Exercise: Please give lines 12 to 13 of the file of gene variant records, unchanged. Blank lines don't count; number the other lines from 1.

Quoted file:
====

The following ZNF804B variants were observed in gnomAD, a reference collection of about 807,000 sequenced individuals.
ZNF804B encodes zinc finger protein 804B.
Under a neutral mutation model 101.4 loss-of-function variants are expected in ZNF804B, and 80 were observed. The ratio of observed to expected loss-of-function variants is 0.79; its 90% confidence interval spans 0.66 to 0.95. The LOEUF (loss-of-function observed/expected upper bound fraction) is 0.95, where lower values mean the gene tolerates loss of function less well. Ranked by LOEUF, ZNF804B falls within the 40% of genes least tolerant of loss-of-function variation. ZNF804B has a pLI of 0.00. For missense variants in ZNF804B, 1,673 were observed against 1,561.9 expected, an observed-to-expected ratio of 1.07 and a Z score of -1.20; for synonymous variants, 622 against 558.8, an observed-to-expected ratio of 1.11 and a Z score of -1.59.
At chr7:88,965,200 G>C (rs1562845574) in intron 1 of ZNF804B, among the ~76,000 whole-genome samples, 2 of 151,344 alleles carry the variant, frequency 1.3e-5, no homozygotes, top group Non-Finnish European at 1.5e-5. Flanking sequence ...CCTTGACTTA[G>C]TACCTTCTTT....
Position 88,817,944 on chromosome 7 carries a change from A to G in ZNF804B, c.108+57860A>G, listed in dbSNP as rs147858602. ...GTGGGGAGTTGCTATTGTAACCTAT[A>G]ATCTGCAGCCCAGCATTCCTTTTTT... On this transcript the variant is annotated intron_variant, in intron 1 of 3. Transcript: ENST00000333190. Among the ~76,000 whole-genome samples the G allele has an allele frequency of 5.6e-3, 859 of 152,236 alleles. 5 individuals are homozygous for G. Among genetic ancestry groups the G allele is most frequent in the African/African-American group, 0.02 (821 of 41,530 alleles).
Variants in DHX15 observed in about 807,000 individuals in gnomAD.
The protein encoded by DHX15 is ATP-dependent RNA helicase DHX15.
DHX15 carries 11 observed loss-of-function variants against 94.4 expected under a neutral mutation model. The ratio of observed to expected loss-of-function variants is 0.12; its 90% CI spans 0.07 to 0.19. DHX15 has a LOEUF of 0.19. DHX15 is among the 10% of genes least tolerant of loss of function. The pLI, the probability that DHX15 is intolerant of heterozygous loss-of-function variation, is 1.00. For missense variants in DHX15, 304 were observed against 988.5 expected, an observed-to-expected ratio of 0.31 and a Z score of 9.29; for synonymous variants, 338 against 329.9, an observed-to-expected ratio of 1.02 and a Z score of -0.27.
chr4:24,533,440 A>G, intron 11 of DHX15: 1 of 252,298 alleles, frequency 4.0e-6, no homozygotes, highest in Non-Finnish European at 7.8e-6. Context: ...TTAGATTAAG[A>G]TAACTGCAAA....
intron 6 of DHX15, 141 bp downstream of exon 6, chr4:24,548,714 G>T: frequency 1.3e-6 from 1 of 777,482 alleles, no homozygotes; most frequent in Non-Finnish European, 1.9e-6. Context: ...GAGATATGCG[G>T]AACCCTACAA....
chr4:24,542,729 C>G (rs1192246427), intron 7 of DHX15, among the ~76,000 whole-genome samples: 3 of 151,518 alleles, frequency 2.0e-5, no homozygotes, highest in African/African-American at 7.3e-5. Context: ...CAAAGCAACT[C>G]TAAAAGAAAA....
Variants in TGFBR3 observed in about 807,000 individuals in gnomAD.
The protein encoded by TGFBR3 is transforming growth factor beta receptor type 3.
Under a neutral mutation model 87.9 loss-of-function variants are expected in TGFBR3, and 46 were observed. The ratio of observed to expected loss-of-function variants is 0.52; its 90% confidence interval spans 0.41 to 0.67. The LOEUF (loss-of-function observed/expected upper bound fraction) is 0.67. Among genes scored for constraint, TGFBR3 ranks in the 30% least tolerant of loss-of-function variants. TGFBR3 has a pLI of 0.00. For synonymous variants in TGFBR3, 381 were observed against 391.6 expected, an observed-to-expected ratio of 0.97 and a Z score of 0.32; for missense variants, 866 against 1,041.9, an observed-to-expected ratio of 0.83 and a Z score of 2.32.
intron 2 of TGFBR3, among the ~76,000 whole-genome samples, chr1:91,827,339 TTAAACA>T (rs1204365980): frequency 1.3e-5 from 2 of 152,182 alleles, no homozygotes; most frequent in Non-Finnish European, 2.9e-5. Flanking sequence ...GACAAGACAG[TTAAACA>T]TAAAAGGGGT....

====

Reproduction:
Variants in TGFBR3 observed in about 807,000 individuals in gnomAD.
The protein encoded by TGFBR3 is transforming growth factor beta receptor type 3.